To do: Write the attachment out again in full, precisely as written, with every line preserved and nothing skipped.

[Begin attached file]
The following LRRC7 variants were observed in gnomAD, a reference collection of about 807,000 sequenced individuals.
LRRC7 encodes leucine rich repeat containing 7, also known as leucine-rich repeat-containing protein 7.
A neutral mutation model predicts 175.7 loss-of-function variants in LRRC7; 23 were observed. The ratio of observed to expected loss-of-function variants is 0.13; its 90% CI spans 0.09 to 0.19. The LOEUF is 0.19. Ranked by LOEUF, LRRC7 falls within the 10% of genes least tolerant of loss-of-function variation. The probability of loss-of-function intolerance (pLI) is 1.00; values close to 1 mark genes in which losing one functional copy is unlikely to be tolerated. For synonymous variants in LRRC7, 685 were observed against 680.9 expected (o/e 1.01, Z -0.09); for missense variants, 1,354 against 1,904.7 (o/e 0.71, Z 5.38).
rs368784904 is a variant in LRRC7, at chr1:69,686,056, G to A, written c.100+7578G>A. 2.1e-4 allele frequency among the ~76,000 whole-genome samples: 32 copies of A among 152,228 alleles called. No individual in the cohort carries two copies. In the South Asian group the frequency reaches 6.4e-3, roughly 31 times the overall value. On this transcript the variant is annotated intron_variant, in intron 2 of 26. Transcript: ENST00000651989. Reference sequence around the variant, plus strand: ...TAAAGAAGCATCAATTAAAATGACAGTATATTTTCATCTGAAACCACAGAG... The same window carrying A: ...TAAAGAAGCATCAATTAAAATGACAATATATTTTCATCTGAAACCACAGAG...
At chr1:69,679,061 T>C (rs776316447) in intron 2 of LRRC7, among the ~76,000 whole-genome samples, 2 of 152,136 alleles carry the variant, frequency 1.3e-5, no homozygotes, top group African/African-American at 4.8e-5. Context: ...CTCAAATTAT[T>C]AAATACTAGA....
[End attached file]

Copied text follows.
The following LRRC7 variants were observed in gnomAD, a reference collection of about 807,000 sequenced individuals.
LRRC7 encodes leucine rich repeat containing 7, also known as leucine-rich repeat-containing protein 7.
A neutral mutation model predicts 175.7 loss-of-function variants in LRRC7; 23 were observed. The ratio of observed to expected loss-of-function variants is 0.13; its 90% CI spans 0.09 to 0.19. The LOEUF is 0.19. Ranked by LOEUF, LRRC7 falls within the 10% of genes least tolerant of loss-of-function variation. The probability of loss-of-function intolerance (pLI) is 1.00; values close to 1 mark genes in which losing one functional copy is unlikely to be tolerated. For synonymous variants in LRRC7, 685 were observed against 680.9 expected (o/e 1.01, Z -0.09); for missense variants, 1,354 against 1,904.7 (o/e 0.71, Z 5.38).
rs368784904 is a variant in LRRC7, at chr1:69,686,056, G to A, written c.100+7578G>A. 2.1e-4 allele frequency among the ~76,000 whole-genome samples: 32 copies of A among 152,228 alleles called. No individual in the cohort carries two copies. In the South Asian group the frequency reaches 6.4e-3, roughly 31 times the overall value. On this transcript the variant is annotated intron_variant, in intron 2 of 26. Transcript: ENST00000651989. Reference sequence around the variant, plus strand: ...TAAAGAAGCATCAATTAAAATGACAGTATATTTTCATCTGAAACCACAGAG... The same window carrying A: ...TAAAGAAGCATCAATTAAAATGACAATATATTTTCATCTGAAACCACAGAG...
At chr1:69,679,061 T>C (rs776316447) in intron 2 of LRRC7, among the ~76,000 whole-genome samples, 2 of 152,136 alleles carry the variant, frequency 1.3e-5, no homozygotes, top group African/African-American at 4.8e-5. Context: ...CTCAAATTAT[T>C]AAATACTAGA....